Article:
On day seven of Russia’s invasion of Ukraine, three U.S. senators introduced legislation that would impose “devastating” financial sanctions against the communist regime in China if it were to try to “follow in Putin’s footsteps” and invade democratic Taiwan.
“As Beijing quietly watches Putin’s invasion of and assault on Ukraine, America must stand strongly behind our partners in democracy and leave no ambiguity as to our resolve to condemn and punish tyrants who attack our partners,” said Sen. Rick Scott (R-Fla.), one of the lawmakers who introduced the bill, according to a March 2 press release.
Passing the bill would send a signal to the leader of the Chinese Communist Party Xi Jinping that “if he mimics Putin’s invasion then he will be met with economic isolation and severe financial sanctions,” said Scott.
The bill, named “Deterring Communist Chinese Aggression Against Taiwan Through Financial Sanctions Act,” would sever all financial transactions between the United States and China should the regime invade or blockade Taiwan, or attempt to change the status of Taiwan’s governance through the use of force.
The move comes amid growing fear that the Ukraine crisis could be used by the communist regime in China to hasten its designs to seize Taiwan.
The regime views the self-ruled island as its own territory to be taken by force if necessary.
Over the past two years, Taiwan has been bearing escalated military harrassment from Beijing, which continues to send warplanes flying near the island on a regular basis. The latest incursion occurred on March 1, when eight Chinese military aircraft entered Taiwan’s southwest in its air defense identification zone.
Amid the Ukraine invasion, Taiwanese President Tsai Ing-wen ordered its military forces to strengthen their combat readiness during a high-level national security meeting on Feb. 24.
Experts suggest that Beijing is closely watching how the United States and its allies respond to Russia’s invasion to inform its strategy toward Taiwan.
Lawmakers have raised concerns over Washington’s longstanding policy towards Taiwan, known as “strategic ambiguity,” meaning that U.S. administrations have been deliberately vague on whether it would defend the island in the event of a Chinese invasion.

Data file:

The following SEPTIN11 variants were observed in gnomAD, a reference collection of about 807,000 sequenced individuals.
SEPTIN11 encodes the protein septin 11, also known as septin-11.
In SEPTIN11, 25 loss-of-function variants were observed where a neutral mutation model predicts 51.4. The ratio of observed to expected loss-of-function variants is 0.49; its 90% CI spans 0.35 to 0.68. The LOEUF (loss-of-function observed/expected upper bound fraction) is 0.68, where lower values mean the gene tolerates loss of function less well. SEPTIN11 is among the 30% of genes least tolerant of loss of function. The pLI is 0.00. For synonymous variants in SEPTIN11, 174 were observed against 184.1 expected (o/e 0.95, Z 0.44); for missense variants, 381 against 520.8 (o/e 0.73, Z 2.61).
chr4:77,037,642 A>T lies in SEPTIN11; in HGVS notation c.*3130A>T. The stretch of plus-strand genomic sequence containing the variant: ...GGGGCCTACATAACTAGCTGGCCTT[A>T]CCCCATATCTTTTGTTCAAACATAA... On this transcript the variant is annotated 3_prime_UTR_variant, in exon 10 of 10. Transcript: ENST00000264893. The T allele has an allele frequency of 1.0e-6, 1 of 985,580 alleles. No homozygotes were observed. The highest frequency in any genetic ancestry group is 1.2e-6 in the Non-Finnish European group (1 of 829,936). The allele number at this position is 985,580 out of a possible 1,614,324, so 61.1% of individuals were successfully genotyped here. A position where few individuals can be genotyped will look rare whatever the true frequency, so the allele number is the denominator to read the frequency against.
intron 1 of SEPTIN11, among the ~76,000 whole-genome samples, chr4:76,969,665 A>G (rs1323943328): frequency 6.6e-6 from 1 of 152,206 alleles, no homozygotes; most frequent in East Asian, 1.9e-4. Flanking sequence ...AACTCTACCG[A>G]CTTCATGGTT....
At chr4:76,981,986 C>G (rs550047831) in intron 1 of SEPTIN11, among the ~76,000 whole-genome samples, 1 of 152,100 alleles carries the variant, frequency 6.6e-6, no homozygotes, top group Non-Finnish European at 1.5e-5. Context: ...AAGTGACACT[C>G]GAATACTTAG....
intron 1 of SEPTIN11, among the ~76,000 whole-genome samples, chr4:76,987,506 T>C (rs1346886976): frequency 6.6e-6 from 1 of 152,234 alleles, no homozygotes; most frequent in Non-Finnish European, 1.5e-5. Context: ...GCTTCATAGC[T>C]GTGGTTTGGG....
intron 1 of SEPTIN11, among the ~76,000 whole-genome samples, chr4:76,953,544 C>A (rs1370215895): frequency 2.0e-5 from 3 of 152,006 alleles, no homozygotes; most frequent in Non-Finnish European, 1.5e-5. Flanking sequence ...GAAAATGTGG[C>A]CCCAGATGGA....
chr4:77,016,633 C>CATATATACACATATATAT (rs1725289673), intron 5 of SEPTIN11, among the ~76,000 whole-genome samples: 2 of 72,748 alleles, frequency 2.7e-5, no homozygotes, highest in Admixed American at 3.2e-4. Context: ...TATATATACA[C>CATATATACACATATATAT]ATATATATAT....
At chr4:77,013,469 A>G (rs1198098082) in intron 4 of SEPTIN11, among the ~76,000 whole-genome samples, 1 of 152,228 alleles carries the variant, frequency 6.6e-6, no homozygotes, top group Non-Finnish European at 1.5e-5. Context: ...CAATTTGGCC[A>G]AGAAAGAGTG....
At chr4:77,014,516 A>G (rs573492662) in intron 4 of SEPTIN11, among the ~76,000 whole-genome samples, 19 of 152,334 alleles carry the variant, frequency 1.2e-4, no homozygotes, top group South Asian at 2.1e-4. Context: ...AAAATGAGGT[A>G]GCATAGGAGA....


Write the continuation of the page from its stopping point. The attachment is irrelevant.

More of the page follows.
“Now more than ever, we must make it clear to the Chinese Communist Party that armed aggression towards Taiwan would deal a devastating blow to China’s economy,” said Sen. John Kennedy (R-La.). Kennedy, Scott, and Sen. Kevin Cramer (R-N.D.) jointly proposed the bill.
Sanctions outlined in the bill include a ban on transactions of property, revocation and restriction of visas of Chinese nationals involved in the use of force against Taiwan, prohibition on transfers of credit or payments between financial institutions with China, and a ban on investment in equity or debt of sanctioned persons.
Additionally, it would also ban financial engagements with Chinese military companies, software companies, financial messaging systems, and digital currencies, according to the press release.
If it becomes law, this bill will obligate the president to implement such sanctions 30 days after a triggering event launched by Beijing.
“As we know, waiting too long to sanction bad actors can create major national security risks at home,” said Kennedy.
“We can’t let China seize the moment to attack one of America’s key partners in the Pacific,” he added.
Washington has maintained robust ties with the democratic Taiwan under a framework set out in the Taiwan Relations Act, which obliges it to provide Taipei with the means to defend itself.
The Biden administration sent former top defense officials to the island on March 1, an effort to show that the United States “stands firm behind its commitments.”